A Ukrainian Eurovision victory would be an astonishingly poignant moment for the whole of Europe if it happens. It would also be a matter of international celebration and a moment of Ukrainian pride in the country’s musical identity and national sovereignty. But it doesn’t mean Ukraine deserve to win Eurovision owing only to the struggles of war. 

There is a tired old narrative in UK mainstream media that Eurovision is – among other negative and incorrect assumptions – all about politics. If Kalush Orchestra win the contest it will do nothing to dissuade the UK media from churning out the political narrative every time Eurovision finds itself in the news. Instead it will be ammunition for critical publications and their critical, set-in-their-way readers to carry on their judgement of the contest. 

Eurovision is going through a phase of rejuvenation since 2021 which saw it become the first international competition to be staged after the worst of the pandemic has passed. The worldwide success of last year’s winners Måneskin has further added to the growth of the musical credibility of Eurovision as a competition. It would be a shame if a Ukraine victory at the contest this month gave way to criticism of the contest to return to pre-2021 levels with people citing politics as the fuel of Eurovision. 

A vote is a vote

Everyone who watches Eurovision and casts a vote is equally entitled to that vote as the next person. From die hard fans to armchair viewers, from professional international juries to drunken viewers, a vote is a vote and every vote counts. Kalush Orchestra’s Eurovision performance will attract an undeniable pull of votes from viewers who sympathise with the plight of Ukraine’s people. The quantity of votes in this regard and the impact these votes will have is unquantifiable so it would be dangerous to say that a Ukrainian Eurovision victory would be based on sympathy votes alone. After all, Kalush Orchestra’s dominating performance in Vidbir’s televote shows the song has a strong enough impact on a viewing television audience anyway.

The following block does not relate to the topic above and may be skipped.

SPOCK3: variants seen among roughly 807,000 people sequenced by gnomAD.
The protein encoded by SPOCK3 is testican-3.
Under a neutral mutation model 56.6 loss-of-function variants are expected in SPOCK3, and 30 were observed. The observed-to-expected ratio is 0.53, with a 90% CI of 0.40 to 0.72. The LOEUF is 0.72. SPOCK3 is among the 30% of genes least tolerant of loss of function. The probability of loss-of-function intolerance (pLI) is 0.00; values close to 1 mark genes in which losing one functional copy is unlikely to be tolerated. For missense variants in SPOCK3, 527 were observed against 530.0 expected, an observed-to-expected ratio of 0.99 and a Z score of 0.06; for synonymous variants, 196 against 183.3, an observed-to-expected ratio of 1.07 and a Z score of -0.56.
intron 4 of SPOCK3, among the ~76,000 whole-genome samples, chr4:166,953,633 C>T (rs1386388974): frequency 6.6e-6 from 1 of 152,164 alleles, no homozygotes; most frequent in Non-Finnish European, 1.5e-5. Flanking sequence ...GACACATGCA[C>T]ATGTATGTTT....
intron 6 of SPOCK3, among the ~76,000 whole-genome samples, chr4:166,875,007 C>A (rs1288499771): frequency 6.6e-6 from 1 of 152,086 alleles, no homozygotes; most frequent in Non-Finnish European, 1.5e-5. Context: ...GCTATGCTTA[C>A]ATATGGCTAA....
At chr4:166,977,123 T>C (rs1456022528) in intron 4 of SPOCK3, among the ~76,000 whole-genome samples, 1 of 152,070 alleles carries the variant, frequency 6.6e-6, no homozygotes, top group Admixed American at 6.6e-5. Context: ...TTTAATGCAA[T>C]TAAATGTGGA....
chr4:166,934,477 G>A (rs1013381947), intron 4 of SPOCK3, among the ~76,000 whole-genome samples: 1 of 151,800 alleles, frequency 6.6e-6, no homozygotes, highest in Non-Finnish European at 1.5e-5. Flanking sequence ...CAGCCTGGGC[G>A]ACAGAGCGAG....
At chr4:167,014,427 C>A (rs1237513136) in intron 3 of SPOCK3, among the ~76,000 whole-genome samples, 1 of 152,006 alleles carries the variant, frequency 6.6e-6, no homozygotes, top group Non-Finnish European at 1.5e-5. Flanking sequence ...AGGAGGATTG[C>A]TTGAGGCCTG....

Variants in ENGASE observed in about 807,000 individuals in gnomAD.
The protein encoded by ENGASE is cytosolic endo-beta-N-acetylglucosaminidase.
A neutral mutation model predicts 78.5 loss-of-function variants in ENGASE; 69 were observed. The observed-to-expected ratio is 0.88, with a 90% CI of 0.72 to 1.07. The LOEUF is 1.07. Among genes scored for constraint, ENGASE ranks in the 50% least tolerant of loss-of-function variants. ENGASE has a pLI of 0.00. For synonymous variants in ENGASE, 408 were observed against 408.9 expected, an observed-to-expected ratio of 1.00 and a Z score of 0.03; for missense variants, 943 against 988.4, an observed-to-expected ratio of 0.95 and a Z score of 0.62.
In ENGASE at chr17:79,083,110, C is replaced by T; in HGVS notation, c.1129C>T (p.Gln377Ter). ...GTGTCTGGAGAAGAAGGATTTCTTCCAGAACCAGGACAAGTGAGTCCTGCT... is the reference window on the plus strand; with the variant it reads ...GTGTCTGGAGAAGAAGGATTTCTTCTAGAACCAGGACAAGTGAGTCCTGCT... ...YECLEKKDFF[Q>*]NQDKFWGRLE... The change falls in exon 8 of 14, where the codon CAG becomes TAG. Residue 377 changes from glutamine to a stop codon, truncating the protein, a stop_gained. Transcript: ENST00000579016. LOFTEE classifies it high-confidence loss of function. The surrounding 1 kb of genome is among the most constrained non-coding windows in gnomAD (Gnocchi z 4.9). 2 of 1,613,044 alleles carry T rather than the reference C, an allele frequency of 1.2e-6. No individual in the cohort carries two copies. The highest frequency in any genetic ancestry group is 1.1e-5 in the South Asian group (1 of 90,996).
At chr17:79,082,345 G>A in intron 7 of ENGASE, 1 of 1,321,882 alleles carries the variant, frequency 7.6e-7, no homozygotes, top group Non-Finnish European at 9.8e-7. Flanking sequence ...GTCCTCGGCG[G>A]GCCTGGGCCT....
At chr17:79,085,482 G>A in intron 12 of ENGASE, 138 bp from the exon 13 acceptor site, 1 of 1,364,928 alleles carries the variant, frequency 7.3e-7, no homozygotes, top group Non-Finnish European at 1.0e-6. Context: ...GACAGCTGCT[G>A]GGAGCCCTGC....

Kalush Orchestra rehearsing on the Eurovision stage in Turin

On the opposite end of the scale to sympathetic voting is deliberate critical voting. Diplomatic, political and cultural tensions between Azerbaijan and Armenia are long-established and are exceptionally tricky ground. Naturally these tensions spill into the contest. Ever since the EBU started releasing detailed jury votes in 2014, every single Armenian and Azeri juror – bar one Armenian in 2016 – has ranked each other’s entry in last place. It’s such a deep-rooted culture that can’t – and won’t – be stopped. It may not be liked or appreciated but it’s something that Eurovision fans have seemingly grown to accept. Ukraine securing sympathy and solidarity votes in the 2022 edition of the contest is something that viewers will also have to accept. 

Ultimately Eurovision acts earn their final placing based on votes and votes alone. Even though it can be argued that Ukraine winning could potentially damage the integrity of the contest, the impact of this should – and hopefully would – be minor. Should they win, Kalush Orchestra must be celebrated for securing Eurovision victory in the same way their compatriots Jamala and Ruslana were when they triumphed in 2016 and 2004 respectively.